Wednesday, July 9, 2014

Writing the Know of Motherhood by Julie Kieras


I’m thrilled to have Julie Kieras here today addressing whether she believes there’s a Golden Rule of Writing. I met Julie through a local book club and instantly enjoyed discussing characters and the stories with her. She’s intelligent, driven, kind, and passionate. Exactly what I look for in a friend. ;-)

I had the honor of visiting her blog not long ago. I’m grateful our paths have crossed and today I’m excited you’ll get a chance to get to know Julie better.

~*~
 
There was a time when reading "how to write" books was my passion. My shelves are stocked with the wisdom of Ralph Fletcher, Anne Lamott, Natalie Goldberg, and even Snoopy! (Oh yes, that spotted doggy has a lot to say about the art and craft of writing!).

I always felt there was some "other" great secret to be found about how to write well...if I could just read one more book.

Maybe it's the Type A in me that liked hearing maybe, just maybe, there was a Golden Rule of Writing and if I followed it, fame and fortune (or at least a published book of some sort) might follow.

So here I am seventeen years out of college as a Creative Writing major, with no books to my name (but a few articles!). It's funny how now as a stay-at-home-mom, Im busier than ever, but finding myself writing more than when I had what, in retrospect, was gobs of time on my hands.

As a family life blogger, I've written over 1,500 posts on my main site. Looking back on these recent years, I see how all this writing has taught me the truth behind the advice of my favorite mentor authors.

One. Writers write. In the past I READ about writing more than I actually wrote. I waited for lightning strikes of inspiration that seemed to come far and few. Now, I'm writing daily. Maybe not always the literary canon kind of writing I'm passionate about (poetry and creative nonfiction), but I'm constantly exercising my writing skills. The result is my confidence and body of work has grown. Something that wasn't happening while I just daydreamed about becoming a published author.

Two. Write what you know. This advice used to puzzle me. I went to school to become a writer. I studied writing. I became a teacher who taught writing. What did I know? Writing. I knew writing really really well. But that didn't leave me much to write about.

When I started my parenting and family life blog, my early posts were very hesitant. Brief. I labored over them. What did I know about parenting and raising kids. (Okay, truthfully, four years in, what do I STILL know?! Ha!).

As a new mom, I went through six months of struggles with breast feeding. And my writing reflected that, with a mini-series helping breast feeding moms feel supported. Suddenly, knowing a LOT about breast feeding gave me a passionate voice on that topic.

Fast forward a year, and I was constantly entertaining a busy toddler...and writing a series of "toddler exploration" posts.

As I flip through my posts, I realized the truth behind "write what you know." Four years ago what did I know about breastfeeding? Virtually nada! About toddler play? Definitely nothing about the rhythm and beauty of keeping up with an active boy!

But now? Now my life informs my work.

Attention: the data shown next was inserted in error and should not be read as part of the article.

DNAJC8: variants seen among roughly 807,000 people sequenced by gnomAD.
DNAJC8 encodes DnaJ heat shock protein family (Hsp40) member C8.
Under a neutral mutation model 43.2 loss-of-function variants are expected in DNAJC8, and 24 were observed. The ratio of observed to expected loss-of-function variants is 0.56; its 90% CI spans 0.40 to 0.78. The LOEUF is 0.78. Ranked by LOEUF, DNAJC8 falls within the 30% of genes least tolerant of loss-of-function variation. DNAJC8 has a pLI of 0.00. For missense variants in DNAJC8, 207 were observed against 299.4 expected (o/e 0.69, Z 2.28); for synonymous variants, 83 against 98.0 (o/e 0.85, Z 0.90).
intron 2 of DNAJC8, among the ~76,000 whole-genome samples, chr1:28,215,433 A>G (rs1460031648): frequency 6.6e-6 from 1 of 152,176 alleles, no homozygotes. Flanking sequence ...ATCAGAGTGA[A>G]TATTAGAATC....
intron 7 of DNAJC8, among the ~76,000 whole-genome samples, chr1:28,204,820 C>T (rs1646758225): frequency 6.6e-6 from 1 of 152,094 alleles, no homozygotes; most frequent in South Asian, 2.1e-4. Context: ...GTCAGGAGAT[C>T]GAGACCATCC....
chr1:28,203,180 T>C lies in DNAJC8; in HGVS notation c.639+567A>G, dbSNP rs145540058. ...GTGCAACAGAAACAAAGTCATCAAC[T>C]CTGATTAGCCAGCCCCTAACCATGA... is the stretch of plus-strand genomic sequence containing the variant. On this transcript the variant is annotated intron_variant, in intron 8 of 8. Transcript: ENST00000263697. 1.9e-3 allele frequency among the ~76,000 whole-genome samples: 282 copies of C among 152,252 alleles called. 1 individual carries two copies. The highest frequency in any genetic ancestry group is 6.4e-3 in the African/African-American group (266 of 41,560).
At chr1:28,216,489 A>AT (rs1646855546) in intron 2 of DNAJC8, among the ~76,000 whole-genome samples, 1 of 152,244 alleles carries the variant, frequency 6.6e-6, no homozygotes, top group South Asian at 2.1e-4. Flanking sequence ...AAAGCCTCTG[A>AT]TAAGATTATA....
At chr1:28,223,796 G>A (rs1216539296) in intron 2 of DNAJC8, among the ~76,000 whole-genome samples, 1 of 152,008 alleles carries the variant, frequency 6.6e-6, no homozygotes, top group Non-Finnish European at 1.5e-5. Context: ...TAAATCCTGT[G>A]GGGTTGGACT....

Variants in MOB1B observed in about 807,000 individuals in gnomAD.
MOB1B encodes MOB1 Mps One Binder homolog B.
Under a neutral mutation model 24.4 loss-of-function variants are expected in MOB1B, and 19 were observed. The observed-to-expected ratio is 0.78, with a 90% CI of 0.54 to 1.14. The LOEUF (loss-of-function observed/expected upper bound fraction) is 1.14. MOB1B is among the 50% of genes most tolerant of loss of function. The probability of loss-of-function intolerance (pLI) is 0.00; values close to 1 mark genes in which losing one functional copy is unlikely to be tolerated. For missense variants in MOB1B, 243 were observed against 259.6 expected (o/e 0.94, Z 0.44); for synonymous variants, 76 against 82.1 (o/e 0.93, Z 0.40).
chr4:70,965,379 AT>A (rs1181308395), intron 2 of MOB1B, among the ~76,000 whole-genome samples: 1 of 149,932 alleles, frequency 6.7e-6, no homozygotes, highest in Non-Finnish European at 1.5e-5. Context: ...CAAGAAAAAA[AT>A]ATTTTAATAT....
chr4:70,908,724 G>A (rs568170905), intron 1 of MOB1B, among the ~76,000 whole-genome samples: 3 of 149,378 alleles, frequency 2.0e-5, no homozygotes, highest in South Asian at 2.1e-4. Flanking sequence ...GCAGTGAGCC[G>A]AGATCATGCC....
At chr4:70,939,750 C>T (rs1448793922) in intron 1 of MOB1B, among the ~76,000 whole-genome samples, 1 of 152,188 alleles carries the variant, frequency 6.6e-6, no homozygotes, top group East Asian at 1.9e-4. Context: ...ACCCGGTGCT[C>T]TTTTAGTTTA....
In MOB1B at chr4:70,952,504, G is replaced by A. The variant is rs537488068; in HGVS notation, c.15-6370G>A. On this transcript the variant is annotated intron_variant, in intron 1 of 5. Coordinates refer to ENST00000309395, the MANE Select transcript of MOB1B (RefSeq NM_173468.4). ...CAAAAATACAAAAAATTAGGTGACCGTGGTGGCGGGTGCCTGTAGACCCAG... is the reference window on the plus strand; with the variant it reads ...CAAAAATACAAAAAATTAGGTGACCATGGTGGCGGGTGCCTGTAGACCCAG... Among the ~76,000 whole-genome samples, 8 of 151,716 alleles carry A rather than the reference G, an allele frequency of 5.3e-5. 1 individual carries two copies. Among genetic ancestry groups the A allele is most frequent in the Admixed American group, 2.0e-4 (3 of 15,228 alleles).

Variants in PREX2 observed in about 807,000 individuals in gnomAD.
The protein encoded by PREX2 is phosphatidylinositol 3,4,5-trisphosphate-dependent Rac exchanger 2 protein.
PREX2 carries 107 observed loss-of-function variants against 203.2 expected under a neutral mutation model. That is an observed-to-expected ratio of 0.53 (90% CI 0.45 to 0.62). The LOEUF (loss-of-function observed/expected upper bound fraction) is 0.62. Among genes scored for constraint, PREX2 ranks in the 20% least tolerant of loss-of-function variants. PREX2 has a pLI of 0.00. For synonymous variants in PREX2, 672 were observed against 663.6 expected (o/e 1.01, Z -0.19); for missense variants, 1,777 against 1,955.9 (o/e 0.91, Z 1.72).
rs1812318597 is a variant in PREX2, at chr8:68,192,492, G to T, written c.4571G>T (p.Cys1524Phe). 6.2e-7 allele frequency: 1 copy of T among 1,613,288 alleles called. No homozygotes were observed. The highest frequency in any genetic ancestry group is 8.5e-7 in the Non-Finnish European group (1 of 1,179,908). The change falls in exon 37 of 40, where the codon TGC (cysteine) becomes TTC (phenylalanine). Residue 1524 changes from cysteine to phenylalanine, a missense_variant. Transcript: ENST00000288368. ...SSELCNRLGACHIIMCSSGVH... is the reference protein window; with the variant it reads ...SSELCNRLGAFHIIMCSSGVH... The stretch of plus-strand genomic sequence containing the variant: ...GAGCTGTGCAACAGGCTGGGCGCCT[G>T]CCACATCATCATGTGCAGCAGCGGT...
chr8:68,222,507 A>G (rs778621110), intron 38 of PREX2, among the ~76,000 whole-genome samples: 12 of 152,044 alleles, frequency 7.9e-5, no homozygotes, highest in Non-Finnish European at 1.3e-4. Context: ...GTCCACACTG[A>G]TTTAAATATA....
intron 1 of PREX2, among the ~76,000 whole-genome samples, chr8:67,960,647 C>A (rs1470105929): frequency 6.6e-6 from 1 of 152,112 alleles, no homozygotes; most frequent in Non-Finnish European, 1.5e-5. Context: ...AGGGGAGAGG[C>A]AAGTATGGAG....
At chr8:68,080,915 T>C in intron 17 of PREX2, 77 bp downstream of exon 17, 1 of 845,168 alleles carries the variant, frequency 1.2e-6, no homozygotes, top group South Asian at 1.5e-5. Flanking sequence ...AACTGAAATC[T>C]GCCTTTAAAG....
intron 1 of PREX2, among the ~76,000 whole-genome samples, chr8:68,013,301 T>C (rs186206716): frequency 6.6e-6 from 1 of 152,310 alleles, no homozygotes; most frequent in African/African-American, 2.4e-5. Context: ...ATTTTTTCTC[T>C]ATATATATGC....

I'm writing what I know about parenting and motherhood as I experience it. Sure, other people write about similar topics, but nobody with my voice and my personal experiences.

My writing changes as our family changes and grows. I reflected aloud to my husband recently about how I probably won't write my annual breastfeeding series this year. I've said most of what I have to say on that topic, and were just not experiencing that phase anymore.

However we have launched into the world of homeschooling, travel with kids, and miniature homesteading and I'm excited to write about these new experiences as they come.

When we as writers simply write what we know, we will never fall short of ideas, our writing voice will ring strong and true, and we will connect with the heart of our readers.

Of course, some things never change....after all, look at me here... I'm writing about writing, aren't I?

 

Julie is a mom of two energetic boys and wife to her brainy and green-thumbed husband. She writes for her parenting and family life blog Happy Strong Home, and her pieces can also be found on the Melissa & Doug blog and Ergobaby blog. She dreams of one day publishing a lyrical childrens book illustrated by one of her favorite artists, or a book of poems on motherhood.
 
 
*Just a note that I won't be posting next Wednesday. See you in a few weeks.

4 comments:

  1. I like this post; very helpful. I know for me I sometimes doubt myself when it comes to writing about what I know, but then I remind myself that no one has my voice and personal experiences. I then tell myself that my experiences are valid so keep writing.

    Thanks for sharing.

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    1. Such an important thing to keep telling yourself, Nylse. Your experiences are valid. Write on!

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  2. @Nylse - I think all writers experience that self-doubt from time to time, and especially today in social media when we can so often see the success of others and wonder when ours will come. Another thing that helps me is redefining what I see as "success for me".
    Keep on writing!!!

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    1. Love this point, Julie. I think it's great to come up with a vision of success and to continue to strive for it.

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